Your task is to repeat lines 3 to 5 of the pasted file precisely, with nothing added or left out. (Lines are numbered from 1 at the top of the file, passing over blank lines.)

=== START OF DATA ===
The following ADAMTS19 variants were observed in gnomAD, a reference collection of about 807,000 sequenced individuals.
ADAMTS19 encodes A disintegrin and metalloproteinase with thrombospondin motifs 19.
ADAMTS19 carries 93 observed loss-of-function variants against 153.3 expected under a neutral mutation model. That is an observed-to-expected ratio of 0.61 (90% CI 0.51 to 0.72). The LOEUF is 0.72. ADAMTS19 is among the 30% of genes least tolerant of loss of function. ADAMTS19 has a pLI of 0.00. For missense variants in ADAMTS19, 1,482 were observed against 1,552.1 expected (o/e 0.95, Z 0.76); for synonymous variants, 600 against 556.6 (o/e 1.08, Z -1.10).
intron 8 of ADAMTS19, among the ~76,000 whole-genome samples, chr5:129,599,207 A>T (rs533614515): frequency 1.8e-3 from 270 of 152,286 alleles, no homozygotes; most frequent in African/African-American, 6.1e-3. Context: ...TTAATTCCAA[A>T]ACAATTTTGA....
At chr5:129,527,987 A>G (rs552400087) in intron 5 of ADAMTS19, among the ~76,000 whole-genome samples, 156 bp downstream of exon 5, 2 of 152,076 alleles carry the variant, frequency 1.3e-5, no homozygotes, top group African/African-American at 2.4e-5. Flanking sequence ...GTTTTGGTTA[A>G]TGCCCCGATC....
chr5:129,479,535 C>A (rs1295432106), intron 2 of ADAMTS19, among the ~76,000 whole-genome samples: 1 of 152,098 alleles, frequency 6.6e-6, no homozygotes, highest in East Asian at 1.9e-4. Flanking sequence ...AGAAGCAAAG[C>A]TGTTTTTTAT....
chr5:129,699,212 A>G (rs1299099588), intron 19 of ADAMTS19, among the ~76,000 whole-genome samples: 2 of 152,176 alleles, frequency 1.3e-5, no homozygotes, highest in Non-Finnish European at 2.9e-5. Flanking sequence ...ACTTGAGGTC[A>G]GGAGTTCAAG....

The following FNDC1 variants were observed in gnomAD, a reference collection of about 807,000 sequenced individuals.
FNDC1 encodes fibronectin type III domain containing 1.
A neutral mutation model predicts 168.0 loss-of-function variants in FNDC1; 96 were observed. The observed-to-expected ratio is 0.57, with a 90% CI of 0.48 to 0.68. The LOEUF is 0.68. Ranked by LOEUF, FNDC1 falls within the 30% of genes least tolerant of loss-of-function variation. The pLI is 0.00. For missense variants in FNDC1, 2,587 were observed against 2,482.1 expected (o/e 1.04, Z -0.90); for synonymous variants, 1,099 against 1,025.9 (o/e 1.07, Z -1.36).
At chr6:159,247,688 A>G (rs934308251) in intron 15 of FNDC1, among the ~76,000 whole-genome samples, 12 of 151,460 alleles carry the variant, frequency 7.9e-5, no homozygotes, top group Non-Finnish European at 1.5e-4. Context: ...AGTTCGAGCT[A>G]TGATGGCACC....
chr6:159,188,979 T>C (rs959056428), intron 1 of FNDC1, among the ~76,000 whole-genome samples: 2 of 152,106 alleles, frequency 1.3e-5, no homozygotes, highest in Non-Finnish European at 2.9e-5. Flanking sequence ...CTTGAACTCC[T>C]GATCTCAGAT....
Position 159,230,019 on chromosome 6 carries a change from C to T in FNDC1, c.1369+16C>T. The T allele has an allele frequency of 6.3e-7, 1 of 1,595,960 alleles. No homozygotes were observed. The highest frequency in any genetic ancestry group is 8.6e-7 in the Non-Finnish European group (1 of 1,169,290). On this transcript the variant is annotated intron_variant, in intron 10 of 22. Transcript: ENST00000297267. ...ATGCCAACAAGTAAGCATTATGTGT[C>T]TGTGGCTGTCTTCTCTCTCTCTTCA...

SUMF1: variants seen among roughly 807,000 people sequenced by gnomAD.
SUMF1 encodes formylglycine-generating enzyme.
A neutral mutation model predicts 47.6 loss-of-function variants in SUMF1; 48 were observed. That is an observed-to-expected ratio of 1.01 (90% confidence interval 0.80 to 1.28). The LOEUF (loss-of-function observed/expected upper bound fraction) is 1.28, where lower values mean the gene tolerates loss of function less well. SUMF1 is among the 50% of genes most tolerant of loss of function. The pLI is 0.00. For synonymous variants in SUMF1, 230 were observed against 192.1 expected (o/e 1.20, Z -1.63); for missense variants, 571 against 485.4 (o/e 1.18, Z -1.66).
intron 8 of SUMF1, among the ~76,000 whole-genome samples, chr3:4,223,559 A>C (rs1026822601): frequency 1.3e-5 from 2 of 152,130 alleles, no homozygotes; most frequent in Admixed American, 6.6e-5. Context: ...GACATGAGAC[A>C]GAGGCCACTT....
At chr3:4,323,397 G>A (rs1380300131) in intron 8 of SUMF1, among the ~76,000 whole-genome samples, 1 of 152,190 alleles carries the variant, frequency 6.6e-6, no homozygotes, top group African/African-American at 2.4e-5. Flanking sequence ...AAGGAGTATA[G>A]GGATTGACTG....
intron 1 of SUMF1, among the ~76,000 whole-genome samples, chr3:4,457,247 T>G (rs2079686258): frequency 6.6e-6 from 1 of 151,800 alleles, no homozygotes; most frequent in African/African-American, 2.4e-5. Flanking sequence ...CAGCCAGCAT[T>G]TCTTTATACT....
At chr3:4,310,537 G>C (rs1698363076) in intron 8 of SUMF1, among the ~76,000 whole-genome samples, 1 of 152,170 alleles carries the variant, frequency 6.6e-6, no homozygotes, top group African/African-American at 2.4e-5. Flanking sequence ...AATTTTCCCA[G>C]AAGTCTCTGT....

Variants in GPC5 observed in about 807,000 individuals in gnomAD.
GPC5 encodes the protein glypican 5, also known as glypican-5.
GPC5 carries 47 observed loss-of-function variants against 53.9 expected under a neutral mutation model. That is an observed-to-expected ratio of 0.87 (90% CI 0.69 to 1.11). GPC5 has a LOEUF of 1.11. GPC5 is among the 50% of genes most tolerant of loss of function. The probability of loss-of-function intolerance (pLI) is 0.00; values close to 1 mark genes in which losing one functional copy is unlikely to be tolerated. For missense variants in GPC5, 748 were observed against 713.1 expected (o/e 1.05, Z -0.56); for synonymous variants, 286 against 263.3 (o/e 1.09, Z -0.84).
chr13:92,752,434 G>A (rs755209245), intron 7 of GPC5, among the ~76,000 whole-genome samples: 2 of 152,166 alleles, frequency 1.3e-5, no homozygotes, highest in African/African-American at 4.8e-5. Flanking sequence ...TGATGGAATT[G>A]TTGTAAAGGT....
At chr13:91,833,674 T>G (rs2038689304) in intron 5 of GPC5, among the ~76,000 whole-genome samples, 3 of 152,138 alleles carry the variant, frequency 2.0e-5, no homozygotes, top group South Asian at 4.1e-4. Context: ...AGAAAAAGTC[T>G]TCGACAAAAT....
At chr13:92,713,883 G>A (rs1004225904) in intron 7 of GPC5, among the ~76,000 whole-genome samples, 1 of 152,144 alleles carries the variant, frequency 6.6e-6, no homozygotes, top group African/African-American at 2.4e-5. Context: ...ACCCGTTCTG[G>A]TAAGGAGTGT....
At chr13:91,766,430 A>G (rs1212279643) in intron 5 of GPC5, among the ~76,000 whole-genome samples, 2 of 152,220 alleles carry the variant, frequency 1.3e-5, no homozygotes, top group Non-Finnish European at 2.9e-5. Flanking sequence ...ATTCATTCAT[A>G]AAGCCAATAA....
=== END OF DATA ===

ADAMTS19 carries 93 observed loss-of-function variants against 153.3 expected under a neutral mutation model. That is an observed-to-expected ratio of 0.61 (90% CI 0.51 to 0.72). The LOEUF is 0.72. ADAMTS19 is among the 30% of genes least tolerant of loss of function. ADAMTS19 has a pLI of 0.00. For missense variants in ADAMTS19, 1,482 were observed against 1,552.1 expected (o/e 0.95, Z 0.76); for synonymous variants, 600 against 556.6 (o/e 1.08, Z -1.10).
intron 8 of ADAMTS19, among the ~76,000 whole-genome samples, chr5:129,599,207 A>T (rs533614515): frequency 1.8e-3 from 270 of 152,286 alleles, no homozygotes; most frequent in African/African-American, 6.1e-3. Context: ...TTAATTCCAA[A>T]ACAATTTTGA....
At chr5:129,527,987 A>G (rs552400087) in intron 5 of ADAMTS19, among the ~76,000 whole-genome samples, 156 bp downstream of exon 5, 2 of 152,076 alleles carry the variant, frequency 1.3e-5, no homozygotes, top group African/African-American at 2.4e-5. Flanking sequence ...GTTTTGGTTA[A>G]TGCCCCGATC....